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Seabridge Gold Closes In On Second High-Grade Core Zone Discovery at KSM
Drilling Beneath Iron Cap Deposit Yields 207 Meters Grading 1.22 g per T Gold and 0.45% Copper

Tuesday, 20th August 2013

Toronto (Canada) - Seabridge Gold today announced that results from the first three holes testing for a high-grade core zone below the Iron Cap deposit on its 100%-owned KSM project have found strong evidence to support the potential for a major discovery. Further drilling on this target is planned for next month. On August 12, 2013, Seabridge announced that it had discovered, and is now intensively drilling, a large core zone below the Kerr deposit, named the Deep Kerr. Drilling at Deep Kerr to date has generated wide intercepts containing approximately twice the per tonne metal value of KSM's proven and probable reserve.  

The KSM Project, located in north western British Columbia, Canada, contains one of the largest undeveloped gold and copper reserves in the world. Its composite intrusive complex hosts four large gold-copper porphyry deposits, including Iron Cap and Kerr, with direct genetic links to epithermal vein deposits including those owned by neighboring Pretium Resources. Iron Cap had been explored since 1991 by previous owners, focusing on surface mineralization and shallow drilling. They concluded that Iron Cap was the expression of a small epithermal vein system. Ongoing exploration since 2010 by Seabridge has determined that the epithermal system was superimposed on the upper portion of a much larger gold-copper porphyry deposit which was potentially intact down to its magmatic core. For the past three years, Seabridge has focused its Iron Cap work on the porphyry deposit in order to prove up reserves. This year, the focus is on the potentially much richer magmatic core zone which could lie below.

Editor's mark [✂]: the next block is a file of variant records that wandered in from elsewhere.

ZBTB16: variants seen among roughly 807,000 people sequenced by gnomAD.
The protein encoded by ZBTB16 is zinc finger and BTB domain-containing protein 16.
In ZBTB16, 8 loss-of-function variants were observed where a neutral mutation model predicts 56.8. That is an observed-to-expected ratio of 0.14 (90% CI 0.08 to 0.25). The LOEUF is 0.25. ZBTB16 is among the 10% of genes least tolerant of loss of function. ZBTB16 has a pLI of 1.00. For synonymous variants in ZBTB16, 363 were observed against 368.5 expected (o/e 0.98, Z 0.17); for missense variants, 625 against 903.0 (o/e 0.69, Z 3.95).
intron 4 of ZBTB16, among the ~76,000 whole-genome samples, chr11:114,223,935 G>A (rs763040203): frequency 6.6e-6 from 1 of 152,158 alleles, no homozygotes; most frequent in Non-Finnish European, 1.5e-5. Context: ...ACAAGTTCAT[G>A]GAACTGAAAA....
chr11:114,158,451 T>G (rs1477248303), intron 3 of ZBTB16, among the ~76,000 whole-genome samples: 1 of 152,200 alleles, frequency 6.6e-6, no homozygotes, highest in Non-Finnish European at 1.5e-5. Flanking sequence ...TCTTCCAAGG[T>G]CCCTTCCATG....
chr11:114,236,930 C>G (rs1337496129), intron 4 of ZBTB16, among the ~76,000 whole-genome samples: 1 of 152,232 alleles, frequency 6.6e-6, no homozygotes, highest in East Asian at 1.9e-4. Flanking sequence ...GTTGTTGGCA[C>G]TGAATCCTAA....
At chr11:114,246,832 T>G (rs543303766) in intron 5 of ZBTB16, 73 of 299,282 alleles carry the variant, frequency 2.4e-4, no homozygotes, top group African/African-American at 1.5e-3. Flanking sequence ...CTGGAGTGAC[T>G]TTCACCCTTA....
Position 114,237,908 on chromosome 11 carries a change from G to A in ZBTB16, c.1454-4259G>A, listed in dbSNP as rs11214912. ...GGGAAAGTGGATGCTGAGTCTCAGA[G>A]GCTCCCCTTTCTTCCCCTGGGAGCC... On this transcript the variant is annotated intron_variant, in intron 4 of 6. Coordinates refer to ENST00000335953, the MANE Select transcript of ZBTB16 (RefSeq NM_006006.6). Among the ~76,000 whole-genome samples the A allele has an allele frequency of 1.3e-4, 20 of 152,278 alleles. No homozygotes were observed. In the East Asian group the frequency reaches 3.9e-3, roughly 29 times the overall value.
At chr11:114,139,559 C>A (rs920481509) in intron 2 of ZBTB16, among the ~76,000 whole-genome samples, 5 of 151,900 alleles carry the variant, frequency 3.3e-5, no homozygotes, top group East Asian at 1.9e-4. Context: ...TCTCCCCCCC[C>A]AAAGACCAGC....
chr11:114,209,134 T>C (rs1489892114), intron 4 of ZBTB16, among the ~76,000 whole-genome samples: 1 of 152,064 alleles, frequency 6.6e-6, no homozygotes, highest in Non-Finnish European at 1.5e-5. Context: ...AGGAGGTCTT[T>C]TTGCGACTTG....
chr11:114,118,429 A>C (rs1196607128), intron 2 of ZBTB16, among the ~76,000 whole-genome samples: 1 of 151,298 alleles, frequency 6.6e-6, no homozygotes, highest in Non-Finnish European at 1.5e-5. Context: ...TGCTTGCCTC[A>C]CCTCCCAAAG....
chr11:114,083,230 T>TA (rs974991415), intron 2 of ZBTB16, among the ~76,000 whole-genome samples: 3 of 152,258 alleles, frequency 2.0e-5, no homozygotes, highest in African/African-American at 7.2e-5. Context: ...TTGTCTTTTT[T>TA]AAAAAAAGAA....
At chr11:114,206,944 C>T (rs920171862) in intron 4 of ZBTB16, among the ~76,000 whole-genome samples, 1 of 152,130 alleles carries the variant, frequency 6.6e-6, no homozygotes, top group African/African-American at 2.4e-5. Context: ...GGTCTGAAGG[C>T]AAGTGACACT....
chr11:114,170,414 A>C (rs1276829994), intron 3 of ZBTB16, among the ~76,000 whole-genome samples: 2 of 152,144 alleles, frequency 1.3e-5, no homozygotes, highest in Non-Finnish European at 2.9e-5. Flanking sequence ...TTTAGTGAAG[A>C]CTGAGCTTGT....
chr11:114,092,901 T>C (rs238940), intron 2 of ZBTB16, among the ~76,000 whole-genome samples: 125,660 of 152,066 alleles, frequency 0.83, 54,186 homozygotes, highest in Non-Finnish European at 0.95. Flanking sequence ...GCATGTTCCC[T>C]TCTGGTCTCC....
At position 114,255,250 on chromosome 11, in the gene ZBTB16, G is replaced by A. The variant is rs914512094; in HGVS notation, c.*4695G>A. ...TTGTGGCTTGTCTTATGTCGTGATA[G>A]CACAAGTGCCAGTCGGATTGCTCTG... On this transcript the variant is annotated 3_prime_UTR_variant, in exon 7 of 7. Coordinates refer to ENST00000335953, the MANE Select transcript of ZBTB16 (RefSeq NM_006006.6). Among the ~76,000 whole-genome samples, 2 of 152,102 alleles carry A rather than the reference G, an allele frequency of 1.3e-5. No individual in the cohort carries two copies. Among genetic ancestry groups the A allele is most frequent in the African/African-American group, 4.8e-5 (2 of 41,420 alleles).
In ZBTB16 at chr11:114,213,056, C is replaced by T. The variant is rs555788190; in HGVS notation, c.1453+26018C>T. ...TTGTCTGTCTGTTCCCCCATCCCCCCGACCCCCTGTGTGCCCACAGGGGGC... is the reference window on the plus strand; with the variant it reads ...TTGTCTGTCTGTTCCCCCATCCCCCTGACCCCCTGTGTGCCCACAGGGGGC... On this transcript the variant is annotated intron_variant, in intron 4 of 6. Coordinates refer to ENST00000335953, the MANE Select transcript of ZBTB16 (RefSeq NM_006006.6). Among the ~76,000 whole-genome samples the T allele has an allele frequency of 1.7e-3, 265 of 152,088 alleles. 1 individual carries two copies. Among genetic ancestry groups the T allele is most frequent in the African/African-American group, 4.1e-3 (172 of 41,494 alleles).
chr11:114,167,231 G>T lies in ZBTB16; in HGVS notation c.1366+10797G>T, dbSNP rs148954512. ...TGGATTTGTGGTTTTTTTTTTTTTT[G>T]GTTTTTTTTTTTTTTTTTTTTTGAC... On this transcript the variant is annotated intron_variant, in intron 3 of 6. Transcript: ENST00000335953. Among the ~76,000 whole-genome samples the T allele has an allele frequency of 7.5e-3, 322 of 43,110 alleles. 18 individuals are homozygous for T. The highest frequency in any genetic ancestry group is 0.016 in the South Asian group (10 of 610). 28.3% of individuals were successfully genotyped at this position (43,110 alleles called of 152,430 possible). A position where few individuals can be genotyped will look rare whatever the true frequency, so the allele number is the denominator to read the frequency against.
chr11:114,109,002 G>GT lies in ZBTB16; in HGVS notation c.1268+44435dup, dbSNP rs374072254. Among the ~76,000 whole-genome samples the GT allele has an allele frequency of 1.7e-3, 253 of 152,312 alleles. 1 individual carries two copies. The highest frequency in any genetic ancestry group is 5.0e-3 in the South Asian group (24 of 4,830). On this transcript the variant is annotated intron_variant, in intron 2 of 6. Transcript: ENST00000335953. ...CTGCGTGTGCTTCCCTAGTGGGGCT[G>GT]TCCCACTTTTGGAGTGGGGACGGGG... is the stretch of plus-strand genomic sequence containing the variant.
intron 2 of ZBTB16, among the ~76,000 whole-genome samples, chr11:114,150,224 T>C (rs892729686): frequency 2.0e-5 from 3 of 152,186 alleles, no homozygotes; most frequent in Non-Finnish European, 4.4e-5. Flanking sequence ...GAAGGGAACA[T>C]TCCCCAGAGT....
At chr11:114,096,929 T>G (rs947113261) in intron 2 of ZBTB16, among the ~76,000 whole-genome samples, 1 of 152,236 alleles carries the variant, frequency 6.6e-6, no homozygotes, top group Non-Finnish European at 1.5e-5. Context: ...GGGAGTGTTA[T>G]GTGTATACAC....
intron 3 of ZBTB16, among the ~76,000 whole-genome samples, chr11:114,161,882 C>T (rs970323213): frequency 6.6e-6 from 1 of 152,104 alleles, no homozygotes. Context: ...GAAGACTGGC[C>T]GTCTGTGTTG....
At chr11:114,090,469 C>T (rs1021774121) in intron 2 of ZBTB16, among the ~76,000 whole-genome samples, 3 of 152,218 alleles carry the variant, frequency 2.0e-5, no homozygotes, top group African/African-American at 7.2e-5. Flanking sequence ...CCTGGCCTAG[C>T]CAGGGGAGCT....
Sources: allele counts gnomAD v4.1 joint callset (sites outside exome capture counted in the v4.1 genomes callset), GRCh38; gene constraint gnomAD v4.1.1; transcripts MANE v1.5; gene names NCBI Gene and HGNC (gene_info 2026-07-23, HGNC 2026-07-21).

Seabridge Chairman and CEO Rudi Fronk commented that "we are very encouraged at the prospect of finding another high-grade core zone at KSM, especially one located under Iron Cap. Our KSM mine plan already calls for Iron Cap to be exploited from underground using cost-effective block caving technology. A core zone beneath the known deposit could simply follow this plan but with potentially much higher grades and efficiencies. The 200 plus meter intercept encountered in Hole IC-13-49 sits entirely below Iron Cap's existing reserves and is more than twice Iron Cap's gold and copper grades. Furthermore, the Iron Cap is located in the same valley as the proposed crusher, tunnel portal and other key infrastructure so there really is no better place for nature to put a core zone, if we can in fact find one there. The balance of this year's program will focus on in-fill drilling at Deep Kerr plus additional drill tests at Iron Cap."

Assay results from this year's initial core drilling at Iron Cap are as follows:

Assay results from this year's initial core drilling at Iron Cap

The reported assays are from holes designed to optimize penetration of the projection of the target down plunge from the existing porphyry deposit. Additional drilling is required to establish true width. For a drill location map and cross sections, see

Drill Holes IC-13-48 and 49 were designed to test the core zone down plunge of the Iron Cap deposit. In Hole 48, volcanic, and intrusive rocks were encountered to about 250 meters with grade distributions typical of the resource model for the Iron Cap deposit. Below this material, a chaotic brecciated interval was encountered containing clasts from, and a matrix of, intrusive rocks with secondary orthoclase and abundant copper minerals. Grades of both copper and gold improved through this breccia but were terminated at a post-mineral dike and the hole did not get through the intrusion.

IC-13-49 also confirmed the existing resource model at Iron Cap down to 200 meters. Below that point, the hole entered volcanic rocks with variable intensity of veining and alteration. A discrete interval over 200 meters wide was encountered containing orthoclase and magnetite alteration with many characteristics of a core zone. An unaltered dike was intersected in the bottom of the drill hole.